Preimplantation genetic testing Polar bodies blastomeres trophectoderm cells or blastocoelic fluid

The chromosome condition of DNA retrieved by blastocentesis was highly concordant with that found in trophectoderm cells, polar bodies, and blastomeres. Segmental abnormalities could also be detected in blastocoelic fluids.

M. Cristina Magli, M.Sc., Alessandra Pomante, Ph.D., Giulia Cafueri, B.Sc., Marzia Valerio, B.Sc., Andor Crippa, Ph.D., Anna P. Ferraretti, M.D., Luca Gianaroli, M.D.

Volume 105, Issue 3, Pages 676-683


To investigate the blastocoelic fluid (BF) for the presence of DNA that could be amplified and analyzed; the extent to which its chromosomal status corresponds to that found in trophectoderm (TE) cells, polar bodies (PBs), or blastomeres; and the identification of segmental abnormalities.

Longitudinal cohort study.

In vitro fertilization unit.

Fifty-one couples undergoing preimplantation genetic screening or preimplantation genetic diagnosis for translocations by array-comparative genomic hybridization on PBs (n = 21) or blastomeres (n = 30).

BFs and TE cells were retrieved from 116 blastocysts, whose chromosome status had already been established by PB or blastomere assessment. Separate chromosome analysis was performed in 70 BFs.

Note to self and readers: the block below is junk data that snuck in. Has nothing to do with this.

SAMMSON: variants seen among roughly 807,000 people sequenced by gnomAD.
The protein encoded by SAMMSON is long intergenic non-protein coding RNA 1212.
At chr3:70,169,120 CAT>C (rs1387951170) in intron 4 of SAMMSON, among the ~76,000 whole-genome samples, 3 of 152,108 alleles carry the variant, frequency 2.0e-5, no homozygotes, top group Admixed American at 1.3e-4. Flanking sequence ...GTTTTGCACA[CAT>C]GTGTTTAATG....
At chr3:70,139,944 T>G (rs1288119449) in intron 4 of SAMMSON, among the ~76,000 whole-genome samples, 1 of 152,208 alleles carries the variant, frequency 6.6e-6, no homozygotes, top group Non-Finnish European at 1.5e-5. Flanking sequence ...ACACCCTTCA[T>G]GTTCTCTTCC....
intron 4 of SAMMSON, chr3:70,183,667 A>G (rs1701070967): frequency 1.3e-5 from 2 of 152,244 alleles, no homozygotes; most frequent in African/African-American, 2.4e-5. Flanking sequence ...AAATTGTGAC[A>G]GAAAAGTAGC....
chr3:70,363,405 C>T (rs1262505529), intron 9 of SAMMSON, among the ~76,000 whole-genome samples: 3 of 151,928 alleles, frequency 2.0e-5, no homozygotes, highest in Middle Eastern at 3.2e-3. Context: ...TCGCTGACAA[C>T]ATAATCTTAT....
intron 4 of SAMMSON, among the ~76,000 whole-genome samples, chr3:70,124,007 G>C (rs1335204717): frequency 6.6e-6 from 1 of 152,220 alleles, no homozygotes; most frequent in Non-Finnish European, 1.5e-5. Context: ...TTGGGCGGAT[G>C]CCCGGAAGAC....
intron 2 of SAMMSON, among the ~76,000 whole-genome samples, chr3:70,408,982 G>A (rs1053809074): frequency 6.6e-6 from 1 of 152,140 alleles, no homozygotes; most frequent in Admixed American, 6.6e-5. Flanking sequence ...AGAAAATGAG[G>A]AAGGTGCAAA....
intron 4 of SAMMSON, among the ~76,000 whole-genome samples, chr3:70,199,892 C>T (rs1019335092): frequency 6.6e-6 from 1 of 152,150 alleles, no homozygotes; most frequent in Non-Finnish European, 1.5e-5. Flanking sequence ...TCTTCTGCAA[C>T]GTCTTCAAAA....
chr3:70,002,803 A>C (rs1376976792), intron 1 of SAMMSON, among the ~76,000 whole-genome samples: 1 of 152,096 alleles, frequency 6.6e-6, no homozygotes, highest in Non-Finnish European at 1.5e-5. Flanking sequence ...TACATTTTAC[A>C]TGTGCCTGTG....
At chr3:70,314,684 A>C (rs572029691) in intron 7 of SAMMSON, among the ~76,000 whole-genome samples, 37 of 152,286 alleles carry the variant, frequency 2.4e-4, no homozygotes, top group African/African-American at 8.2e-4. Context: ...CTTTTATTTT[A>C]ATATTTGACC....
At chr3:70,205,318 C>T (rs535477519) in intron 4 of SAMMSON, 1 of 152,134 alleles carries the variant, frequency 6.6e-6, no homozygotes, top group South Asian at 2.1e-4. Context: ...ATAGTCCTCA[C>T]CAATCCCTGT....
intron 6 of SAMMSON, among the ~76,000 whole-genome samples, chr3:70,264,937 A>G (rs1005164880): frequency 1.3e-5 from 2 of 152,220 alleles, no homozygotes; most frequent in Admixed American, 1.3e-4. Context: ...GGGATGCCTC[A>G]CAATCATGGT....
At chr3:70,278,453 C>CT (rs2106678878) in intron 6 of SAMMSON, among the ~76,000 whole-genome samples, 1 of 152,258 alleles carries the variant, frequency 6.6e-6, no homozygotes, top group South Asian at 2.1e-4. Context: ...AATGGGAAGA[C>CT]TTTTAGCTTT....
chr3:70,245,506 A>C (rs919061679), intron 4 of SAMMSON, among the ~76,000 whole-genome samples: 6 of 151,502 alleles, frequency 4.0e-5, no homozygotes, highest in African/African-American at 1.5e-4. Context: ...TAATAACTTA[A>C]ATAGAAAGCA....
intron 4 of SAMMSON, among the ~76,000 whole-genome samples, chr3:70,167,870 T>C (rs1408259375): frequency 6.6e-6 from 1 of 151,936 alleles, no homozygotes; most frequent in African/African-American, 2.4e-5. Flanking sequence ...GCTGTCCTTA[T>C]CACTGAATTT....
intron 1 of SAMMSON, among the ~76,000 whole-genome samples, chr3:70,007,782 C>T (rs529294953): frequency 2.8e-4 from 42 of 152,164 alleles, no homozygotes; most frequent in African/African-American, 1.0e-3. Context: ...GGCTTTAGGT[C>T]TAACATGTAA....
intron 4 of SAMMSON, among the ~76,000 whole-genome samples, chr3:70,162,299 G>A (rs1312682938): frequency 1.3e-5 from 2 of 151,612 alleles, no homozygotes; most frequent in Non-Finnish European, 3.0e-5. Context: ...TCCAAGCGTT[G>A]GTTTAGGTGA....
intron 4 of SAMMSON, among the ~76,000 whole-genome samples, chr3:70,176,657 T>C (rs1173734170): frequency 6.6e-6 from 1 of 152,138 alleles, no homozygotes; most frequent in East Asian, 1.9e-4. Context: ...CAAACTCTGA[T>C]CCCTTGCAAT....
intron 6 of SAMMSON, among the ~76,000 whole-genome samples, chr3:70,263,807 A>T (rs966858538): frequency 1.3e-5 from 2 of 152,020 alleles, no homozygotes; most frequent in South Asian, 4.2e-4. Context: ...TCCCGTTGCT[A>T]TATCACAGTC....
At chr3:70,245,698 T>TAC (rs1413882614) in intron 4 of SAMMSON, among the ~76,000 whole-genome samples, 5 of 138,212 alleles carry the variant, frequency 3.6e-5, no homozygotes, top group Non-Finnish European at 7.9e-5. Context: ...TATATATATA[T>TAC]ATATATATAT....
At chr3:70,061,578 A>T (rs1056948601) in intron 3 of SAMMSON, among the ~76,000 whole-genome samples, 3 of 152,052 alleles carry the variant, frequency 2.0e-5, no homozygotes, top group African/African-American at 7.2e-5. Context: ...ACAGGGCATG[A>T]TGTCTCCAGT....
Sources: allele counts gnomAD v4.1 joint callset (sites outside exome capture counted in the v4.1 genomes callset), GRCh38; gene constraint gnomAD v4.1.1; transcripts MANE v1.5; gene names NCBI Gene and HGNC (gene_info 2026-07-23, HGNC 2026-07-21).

Main Outcome Measure(s):
Presence of DNA in BFs, evaluation of the chromosome condition, and comparison with the diagnosis made in TE cells and at earlier stage biopsies.

DNA detection was 82%, with a net improvement after refinement of the procedure. In 97.1% of BFs, the ploidy condition corresponded to that found in TE cells, with one false positive and one false negative. The rate of concordance per single chromosome was 98.4%. Ploidy and chromosome concordance with PBs were 94% and 97.9%, respectively; with blastomeres, the concordances were 95% and 97.7%, respectively. Segmental abnormalities, which were detected in PBs or blastomeres of 16 blastocysts, were also identified in the corresponding BFs.

BF represents to a good extent the blastocyst ploidy condition and chromosome status when compared with TE cells. If the proportion of clinically useful BFs is improved, blastocentesis could become the preferred source of DNA for chromosomal testing.

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